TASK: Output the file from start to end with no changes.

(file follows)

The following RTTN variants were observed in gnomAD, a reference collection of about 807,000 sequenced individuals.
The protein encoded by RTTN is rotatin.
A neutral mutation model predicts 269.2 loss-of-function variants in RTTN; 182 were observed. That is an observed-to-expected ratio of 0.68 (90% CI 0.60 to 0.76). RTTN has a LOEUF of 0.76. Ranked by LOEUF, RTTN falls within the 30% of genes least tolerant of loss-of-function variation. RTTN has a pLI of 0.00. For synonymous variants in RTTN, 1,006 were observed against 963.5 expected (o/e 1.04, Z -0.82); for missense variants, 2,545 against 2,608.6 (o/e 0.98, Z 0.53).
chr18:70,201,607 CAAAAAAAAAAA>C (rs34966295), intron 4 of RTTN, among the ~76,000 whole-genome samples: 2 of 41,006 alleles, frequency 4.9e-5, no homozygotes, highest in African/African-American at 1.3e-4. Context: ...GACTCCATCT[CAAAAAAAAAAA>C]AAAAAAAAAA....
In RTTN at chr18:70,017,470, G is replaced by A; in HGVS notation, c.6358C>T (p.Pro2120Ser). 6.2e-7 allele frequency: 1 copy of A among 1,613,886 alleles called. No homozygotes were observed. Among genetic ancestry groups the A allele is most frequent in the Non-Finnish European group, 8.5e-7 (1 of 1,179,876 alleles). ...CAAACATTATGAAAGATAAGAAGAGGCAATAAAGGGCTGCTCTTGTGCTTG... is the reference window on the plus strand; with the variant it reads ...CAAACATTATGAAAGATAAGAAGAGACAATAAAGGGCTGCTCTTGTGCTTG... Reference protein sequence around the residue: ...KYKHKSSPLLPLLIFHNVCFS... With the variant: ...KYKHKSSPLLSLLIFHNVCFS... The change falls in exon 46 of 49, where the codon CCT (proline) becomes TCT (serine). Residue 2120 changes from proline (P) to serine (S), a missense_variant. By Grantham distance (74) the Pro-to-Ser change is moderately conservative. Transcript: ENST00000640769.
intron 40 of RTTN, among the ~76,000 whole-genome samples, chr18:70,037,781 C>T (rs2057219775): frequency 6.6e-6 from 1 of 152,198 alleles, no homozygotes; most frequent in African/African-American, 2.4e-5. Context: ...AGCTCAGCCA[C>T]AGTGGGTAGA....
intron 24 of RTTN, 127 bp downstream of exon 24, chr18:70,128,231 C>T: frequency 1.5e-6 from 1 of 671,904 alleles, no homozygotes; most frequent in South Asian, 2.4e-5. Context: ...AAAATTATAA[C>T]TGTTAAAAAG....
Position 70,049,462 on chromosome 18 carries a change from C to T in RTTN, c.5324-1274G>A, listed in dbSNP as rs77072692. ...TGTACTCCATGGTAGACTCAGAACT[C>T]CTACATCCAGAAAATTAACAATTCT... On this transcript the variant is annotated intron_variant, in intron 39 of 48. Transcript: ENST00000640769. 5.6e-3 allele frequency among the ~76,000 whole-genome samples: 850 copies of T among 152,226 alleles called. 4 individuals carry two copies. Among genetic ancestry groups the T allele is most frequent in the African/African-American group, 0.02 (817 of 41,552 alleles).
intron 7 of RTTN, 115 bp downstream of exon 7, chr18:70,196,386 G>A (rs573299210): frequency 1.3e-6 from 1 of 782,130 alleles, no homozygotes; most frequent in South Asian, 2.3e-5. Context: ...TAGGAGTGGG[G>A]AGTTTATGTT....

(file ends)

The following RTTN variants were observed in gnomAD, a reference collection of about 807,000 sequenced individuals.
The protein encoded by RTTN is rotatin.
A neutral mutation model predicts 269.2 loss-of-function variants in RTTN; 182 were observed. That is an observed-to-expected ratio of 0.68 (90% CI 0.60 to 0.76). RTTN has a LOEUF of 0.76. Ranked by LOEUF, RTTN falls within the 30% of genes least tolerant of loss-of-function variation. RTTN has a pLI of 0.00. For synonymous variants in RTTN, 1,006 were observed against 963.5 expected (o/e 1.04, Z -0.82); for missense variants, 2,545 against 2,608.6 (o/e 0.98, Z 0.53).
chr18:70,201,607 CAAAAAAAAAAA>C (rs34966295), intron 4 of RTTN, among the ~76,000 whole-genome samples: 2 of 41,006 alleles, frequency 4.9e-5, no homozygotes, highest in African/African-American at 1.3e-4. Context: ...GACTCCATCT[CAAAAAAAAAAA>C]AAAAAAAAAA....
In RTTN at chr18:70,017,470, G is replaced by A; in HGVS notation, c.6358C>T (p.Pro2120Ser). 6.2e-7 allele frequency: 1 copy of A among 1,613,886 alleles called. No homozygotes were observed. Among genetic ancestry groups the A allele is most frequent in the Non-Finnish European group, 8.5e-7 (1 of 1,179,876 alleles). ...CAAACATTATGAAAGATAAGAAGAGGCAATAAAGGGCTGCTCTTGTGCTTG... is the reference window on the plus strand; with the variant it reads ...CAAACATTATGAAAGATAAGAAGAGACAATAAAGGGCTGCTCTTGTGCTTG... Reference protein sequence around the residue: ...KYKHKSSPLLPLLIFHNVCFS... With the variant: ...KYKHKSSPLLSLLIFHNVCFS... The change falls in exon 46 of 49, where the codon CCT (proline) becomes TCT (serine). Residue 2120 changes from proline (P) to serine (S), a missense_variant. By Grantham distance (74) the Pro-to-Ser change is moderately conservative. Transcript: ENST00000640769.
intron 40 of RTTN, among the ~76,000 whole-genome samples, chr18:70,037,781 C>T (rs2057219775): frequency 6.6e-6 from 1 of 152,198 alleles, no homozygotes; most frequent in African/African-American, 2.4e-5. Context: ...AGCTCAGCCA[C>T]AGTGGGTAGA....
intron 24 of RTTN, 127 bp downstream of exon 24, chr18:70,128,231 C>T: frequency 1.5e-6 from 1 of 671,904 alleles, no homozygotes; most frequent in South Asian, 2.4e-5. Context: ...AAAATTATAA[C>T]TGTTAAAAAG....
Position 70,049,462 on chromosome 18 carries a change from C to T in RTTN, c.5324-1274G>A, listed in dbSNP as rs77072692. ...TGTACTCCATGGTAGACTCAGAACT[C>T]CTACATCCAGAAAATTAACAATTCT... On this transcript the variant is annotated intron_variant, in intron 39 of 48. Transcript: ENST00000640769. 5.6e-3 allele frequency among the ~76,000 whole-genome samples: 850 copies of T among 152,226 alleles called. 4 individuals carry two copies. Among genetic ancestry groups the T allele is most frequent in the African/African-American group, 0.02 (817 of 41,552 alleles).
intron 7 of RTTN, 115 bp downstream of exon 7, chr18:70,196,386 G>A (rs573299210): frequency 1.3e-6 from 1 of 782,130 alleles, no homozygotes; most frequent in South Asian, 2.3e-5. Context: ...TAGGAGTGGG[G>A]AGTTTATGTT....